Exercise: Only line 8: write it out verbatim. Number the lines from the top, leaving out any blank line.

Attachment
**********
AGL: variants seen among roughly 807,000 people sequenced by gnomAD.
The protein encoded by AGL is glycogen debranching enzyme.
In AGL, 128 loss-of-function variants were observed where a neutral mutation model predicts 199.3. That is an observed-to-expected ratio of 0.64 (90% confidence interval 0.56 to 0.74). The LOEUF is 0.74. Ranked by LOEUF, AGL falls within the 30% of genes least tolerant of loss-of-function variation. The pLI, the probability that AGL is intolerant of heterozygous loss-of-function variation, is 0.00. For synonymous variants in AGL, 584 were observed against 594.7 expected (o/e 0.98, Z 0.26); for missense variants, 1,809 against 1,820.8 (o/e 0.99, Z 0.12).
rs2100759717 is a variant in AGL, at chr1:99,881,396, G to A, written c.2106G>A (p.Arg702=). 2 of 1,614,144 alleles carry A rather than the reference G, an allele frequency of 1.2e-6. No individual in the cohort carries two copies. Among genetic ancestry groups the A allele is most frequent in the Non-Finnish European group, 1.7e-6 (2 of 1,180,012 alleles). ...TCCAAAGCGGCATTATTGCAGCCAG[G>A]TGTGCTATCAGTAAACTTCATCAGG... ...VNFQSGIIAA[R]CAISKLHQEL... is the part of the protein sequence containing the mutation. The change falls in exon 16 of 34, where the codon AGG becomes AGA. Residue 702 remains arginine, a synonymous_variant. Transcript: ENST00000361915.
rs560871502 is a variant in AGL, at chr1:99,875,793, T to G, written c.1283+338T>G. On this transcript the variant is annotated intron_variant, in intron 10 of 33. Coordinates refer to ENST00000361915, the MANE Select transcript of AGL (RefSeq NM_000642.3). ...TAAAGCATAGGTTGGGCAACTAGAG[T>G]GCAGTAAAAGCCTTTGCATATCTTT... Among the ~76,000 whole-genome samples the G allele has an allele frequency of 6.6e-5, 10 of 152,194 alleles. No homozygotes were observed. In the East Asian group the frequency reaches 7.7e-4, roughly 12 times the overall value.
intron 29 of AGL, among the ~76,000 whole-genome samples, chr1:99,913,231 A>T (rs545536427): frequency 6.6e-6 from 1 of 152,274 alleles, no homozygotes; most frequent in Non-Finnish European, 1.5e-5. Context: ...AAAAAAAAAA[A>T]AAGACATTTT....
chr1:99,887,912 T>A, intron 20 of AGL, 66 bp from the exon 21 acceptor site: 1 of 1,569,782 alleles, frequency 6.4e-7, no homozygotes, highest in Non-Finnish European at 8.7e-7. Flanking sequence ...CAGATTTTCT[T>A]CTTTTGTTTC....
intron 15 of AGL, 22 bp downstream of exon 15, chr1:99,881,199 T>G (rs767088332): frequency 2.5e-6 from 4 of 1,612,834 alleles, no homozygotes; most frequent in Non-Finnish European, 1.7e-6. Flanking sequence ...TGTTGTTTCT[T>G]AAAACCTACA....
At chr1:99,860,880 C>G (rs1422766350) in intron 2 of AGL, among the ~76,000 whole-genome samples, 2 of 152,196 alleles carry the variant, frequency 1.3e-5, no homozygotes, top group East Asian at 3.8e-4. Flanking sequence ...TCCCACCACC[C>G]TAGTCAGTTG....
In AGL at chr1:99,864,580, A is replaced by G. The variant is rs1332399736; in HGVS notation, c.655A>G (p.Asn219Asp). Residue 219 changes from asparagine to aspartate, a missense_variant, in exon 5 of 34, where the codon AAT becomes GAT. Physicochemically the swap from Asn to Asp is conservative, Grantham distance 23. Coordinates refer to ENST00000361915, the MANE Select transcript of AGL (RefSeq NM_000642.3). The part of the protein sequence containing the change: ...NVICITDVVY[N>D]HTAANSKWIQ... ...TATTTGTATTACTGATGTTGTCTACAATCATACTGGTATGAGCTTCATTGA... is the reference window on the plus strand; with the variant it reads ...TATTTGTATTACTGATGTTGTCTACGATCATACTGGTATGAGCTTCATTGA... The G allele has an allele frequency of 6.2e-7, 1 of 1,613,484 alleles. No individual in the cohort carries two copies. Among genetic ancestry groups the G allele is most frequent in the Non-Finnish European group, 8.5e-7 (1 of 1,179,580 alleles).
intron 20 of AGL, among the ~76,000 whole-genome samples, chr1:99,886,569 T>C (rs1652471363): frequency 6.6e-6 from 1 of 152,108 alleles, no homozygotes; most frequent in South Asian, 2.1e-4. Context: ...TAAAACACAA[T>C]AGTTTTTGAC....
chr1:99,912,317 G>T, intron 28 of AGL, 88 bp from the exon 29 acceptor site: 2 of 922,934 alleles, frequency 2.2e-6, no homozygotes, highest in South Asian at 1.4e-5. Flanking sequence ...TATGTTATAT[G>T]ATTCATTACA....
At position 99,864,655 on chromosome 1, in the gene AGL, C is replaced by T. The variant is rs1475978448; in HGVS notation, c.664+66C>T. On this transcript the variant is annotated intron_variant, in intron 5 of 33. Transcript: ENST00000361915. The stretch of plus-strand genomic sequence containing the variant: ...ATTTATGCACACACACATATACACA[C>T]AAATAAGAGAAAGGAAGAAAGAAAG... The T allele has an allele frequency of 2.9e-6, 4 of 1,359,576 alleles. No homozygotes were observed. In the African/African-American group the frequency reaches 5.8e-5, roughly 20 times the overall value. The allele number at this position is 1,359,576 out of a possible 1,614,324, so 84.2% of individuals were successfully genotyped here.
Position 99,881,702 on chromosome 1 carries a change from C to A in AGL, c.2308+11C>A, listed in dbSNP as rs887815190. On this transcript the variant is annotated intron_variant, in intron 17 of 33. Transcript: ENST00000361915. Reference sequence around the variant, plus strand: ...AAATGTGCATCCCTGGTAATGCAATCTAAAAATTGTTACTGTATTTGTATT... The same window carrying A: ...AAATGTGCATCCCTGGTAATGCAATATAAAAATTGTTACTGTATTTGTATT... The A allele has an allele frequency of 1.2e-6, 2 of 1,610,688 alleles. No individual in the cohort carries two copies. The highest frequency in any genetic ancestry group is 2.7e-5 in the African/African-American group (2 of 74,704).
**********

intron 15 of AGL, 22 bp downstream of exon 15, chr1:99,881,199 T>G (rs767088332): frequency 2.5e-6 from 4 of 1,612,834 alleles, no homozygotes; most frequent in Non-Finnish European, 1.7e-6. Flanking sequence ...TGTTGTTTCT[T>G]AAAACCTACA....